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Jo Gibson

Insight. a journey of self discovery, realisation and further understanding of the way I work – the way I want to work and the materials I choose to use.

This work shows the unexpected ‘happy accidents’ and the magic.

My work is experimental – intuitive and free. I go where the marks take me – responding accordingly. I utilise ‘happy accidents’ creating subconscious imagery which appears as if by magic. Unpredictable. It’s as if I have had no part in it. 

Have I? Yes I have. Is it alchemy?

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Katheryn Trenshaw

Wabi-sabi… 

Revealing the concealed, layer after layer.
Delicate, translucent.

A life lived.
A loss grieved.
An experience integrated. 

Marking, drawing, painting, and then sanding back.
Painting, drawing and mark-making again,
adding detritus and discarded but beautiful patterns and shapes. Layering paintings like the palimpsests of our lives. 

Art full of wabi-sabi wisdom, the perfection of imperfection and occasional broken-open places is marked with time, scars, incisions and alterations… just like our own bodies. 

These are paintings as reflections of getting INTO and UNDER our skin – weathered, worn, wonderful and wise. Touched, held, loved and altered by human exchanges. 

They are like writing on skin in the fashion of monks of olden times, repeatedly writing and erasing whilst leaving traces…
recording our loves, losses, laughter, lives. 

This body of work is made up of inside-out images that comprise a presence practice, revealing hidden treasures. 

www.katheryntrenshaw.com 

Jane Ellis 1

Jane Ellis

Artist plantsman living on the edge of Dartmoor

i walk 

i see colour 

i paint

Making art is all about breathing out what is inside, it is just another way of keeping a diary (emotional or otherwise) a fleeting moment in a timeless space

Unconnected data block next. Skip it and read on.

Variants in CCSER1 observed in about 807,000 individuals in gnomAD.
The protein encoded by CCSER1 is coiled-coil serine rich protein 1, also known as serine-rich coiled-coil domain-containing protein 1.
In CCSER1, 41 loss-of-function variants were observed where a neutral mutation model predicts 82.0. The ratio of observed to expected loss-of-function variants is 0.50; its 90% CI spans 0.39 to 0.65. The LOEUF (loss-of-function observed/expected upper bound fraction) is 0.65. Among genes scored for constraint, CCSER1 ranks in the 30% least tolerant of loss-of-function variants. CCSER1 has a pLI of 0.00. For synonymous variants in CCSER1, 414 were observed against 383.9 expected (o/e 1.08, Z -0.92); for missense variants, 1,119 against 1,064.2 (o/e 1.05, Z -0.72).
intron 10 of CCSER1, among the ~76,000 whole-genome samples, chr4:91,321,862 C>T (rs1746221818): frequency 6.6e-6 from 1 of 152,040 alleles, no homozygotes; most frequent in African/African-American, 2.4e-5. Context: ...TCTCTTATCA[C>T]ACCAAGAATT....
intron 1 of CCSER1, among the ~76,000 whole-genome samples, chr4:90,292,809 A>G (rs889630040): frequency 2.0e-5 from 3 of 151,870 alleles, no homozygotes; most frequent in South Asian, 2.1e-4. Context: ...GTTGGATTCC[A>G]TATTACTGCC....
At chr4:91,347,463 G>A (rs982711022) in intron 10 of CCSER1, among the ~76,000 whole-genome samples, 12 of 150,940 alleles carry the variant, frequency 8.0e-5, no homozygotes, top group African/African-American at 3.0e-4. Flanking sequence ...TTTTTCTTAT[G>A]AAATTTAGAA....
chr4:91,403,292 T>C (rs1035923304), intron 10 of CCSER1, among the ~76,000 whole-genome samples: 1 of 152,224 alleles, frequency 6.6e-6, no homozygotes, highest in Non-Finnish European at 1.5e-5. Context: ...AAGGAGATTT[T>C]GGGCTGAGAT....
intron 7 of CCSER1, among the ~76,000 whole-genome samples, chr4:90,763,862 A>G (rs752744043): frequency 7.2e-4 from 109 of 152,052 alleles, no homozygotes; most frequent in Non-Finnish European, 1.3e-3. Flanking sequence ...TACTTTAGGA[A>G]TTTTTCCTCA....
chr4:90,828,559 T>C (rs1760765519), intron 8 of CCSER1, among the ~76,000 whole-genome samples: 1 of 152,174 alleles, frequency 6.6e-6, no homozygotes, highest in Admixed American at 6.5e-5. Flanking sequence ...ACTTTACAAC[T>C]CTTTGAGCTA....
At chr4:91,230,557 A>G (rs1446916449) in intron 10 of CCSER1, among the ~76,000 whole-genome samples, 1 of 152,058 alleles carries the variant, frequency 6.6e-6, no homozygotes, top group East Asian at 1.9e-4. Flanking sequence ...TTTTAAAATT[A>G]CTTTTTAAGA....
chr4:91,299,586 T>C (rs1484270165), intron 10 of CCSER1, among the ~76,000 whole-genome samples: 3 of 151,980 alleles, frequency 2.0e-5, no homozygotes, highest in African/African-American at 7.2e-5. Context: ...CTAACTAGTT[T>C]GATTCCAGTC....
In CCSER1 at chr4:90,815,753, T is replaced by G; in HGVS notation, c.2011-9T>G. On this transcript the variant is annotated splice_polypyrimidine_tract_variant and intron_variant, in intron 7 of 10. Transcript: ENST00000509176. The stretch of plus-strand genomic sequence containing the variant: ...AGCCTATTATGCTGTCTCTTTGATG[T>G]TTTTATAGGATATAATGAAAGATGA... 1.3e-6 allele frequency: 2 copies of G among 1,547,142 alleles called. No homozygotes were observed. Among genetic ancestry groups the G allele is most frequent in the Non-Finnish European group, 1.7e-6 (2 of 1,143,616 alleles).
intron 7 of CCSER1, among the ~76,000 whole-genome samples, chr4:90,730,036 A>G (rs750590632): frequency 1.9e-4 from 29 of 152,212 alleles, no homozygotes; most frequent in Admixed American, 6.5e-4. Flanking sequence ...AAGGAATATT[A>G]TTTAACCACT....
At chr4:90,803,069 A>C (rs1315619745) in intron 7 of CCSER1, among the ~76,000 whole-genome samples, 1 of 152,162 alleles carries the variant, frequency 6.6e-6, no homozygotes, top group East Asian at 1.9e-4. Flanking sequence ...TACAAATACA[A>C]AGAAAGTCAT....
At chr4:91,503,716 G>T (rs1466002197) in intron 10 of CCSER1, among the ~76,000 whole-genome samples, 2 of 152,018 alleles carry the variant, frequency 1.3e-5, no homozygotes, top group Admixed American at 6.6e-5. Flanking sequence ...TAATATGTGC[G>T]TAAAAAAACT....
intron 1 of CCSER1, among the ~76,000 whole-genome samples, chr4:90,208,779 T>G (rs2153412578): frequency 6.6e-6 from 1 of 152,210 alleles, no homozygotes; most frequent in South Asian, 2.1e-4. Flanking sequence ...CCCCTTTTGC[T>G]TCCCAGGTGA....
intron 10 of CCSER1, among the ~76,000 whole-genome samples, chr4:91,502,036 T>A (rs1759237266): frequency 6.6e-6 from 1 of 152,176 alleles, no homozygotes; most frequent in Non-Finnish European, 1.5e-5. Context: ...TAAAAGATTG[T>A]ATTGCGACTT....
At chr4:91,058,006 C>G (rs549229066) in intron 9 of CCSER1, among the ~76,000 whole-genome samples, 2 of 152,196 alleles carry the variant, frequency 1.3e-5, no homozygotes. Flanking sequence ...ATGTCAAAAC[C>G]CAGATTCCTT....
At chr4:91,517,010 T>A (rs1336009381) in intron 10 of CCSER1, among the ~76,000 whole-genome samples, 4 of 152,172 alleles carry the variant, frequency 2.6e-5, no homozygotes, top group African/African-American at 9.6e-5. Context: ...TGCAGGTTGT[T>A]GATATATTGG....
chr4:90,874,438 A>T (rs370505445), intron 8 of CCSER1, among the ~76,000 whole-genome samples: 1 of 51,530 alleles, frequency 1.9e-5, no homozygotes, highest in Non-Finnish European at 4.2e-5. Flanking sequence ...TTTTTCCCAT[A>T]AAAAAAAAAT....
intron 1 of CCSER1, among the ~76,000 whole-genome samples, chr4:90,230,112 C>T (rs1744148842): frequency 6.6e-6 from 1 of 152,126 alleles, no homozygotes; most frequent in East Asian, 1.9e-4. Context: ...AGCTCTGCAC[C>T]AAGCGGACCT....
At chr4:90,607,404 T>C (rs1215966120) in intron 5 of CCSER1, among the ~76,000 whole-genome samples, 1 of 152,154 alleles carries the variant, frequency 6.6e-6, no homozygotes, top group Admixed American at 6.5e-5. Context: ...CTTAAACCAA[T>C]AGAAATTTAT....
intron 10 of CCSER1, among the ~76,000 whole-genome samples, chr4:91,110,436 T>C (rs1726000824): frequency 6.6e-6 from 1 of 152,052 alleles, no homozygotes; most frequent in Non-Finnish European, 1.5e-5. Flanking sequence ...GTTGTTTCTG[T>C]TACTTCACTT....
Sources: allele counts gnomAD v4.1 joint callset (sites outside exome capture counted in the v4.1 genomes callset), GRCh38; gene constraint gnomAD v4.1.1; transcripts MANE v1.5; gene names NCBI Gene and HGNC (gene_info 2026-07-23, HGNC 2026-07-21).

The energy of nature invites me to paint, creates a space in which to immerse myself,  the place, my emotions to reveal the submerged, presences that underlie existence

i only went out for a walk, and finally concluded to stay out till sundown, for going out, i found, was really going in

john muir

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Andy Coldrey

My life as a woodworker requires a highly focused, concentrated and meticulous attention to carefully planned detailed accuracy, and a conscious effort to best the medium I work with.

My life as a painter allows me to loose these shackles, and delve into the unknown. Those worlds of the dream, of spiritual belief, of pure imagination, those are the realms I navigate as an artist. Where once much of my work was portrait based, lately the figures, the faces have become more ephemeral, more liminal, less categoric.

Primarily, I work in acrylic paint, using layering to reflect the layering of meaning. Right now, white is my goal. To produce a misty swirl of cloud and fog, a world of mysterious white paint, almost hiding the figure, that’s my current dream.

www.andycoldrey.com

Polly Delahoy

Polly Delahoy

“Everything we see hides another thing; we always want to see what is hidden by what we see.” Rene Magritte

This quote interests me and I relate it to my art practice and interpret it as follows;

When I sketch and paint, I am influenced by many things. Those influences are not always apparent to the viewer and may trigger a need to know. A painting offers a glimpse of what is held within me and my life experience. As an Artist I can share further explanation, but this may or may not be the whole story. Life is full of expectation and intrigue, but human nature often leads us down a road of needing to know, this uncertainty can be uncomfortable, however if we can sit with the unknown, embrace curiosity we may develop our own individual Insights.

When I am painting and sketching I am responding to the immediate influences in my day-to-day life and work, psychologically, emotionally, spiritually and physically. Being in the landscape, whether on sight or painting from memory, serves as a place to escape providing a sense of Solace. When I paint or sketch, my internal landscape and the external world merge.

During preparation for this exhibition, I had a ‘lightbulb moment’ linking my experience and memories of living in Ireland as a child and a young adult. I gained clarity on how this connects to my art practice in the here and now. These paintings link my life in the South West and memories of my life in Ireland.

image: Whistlin Wind

pollydelahoy@gmail.com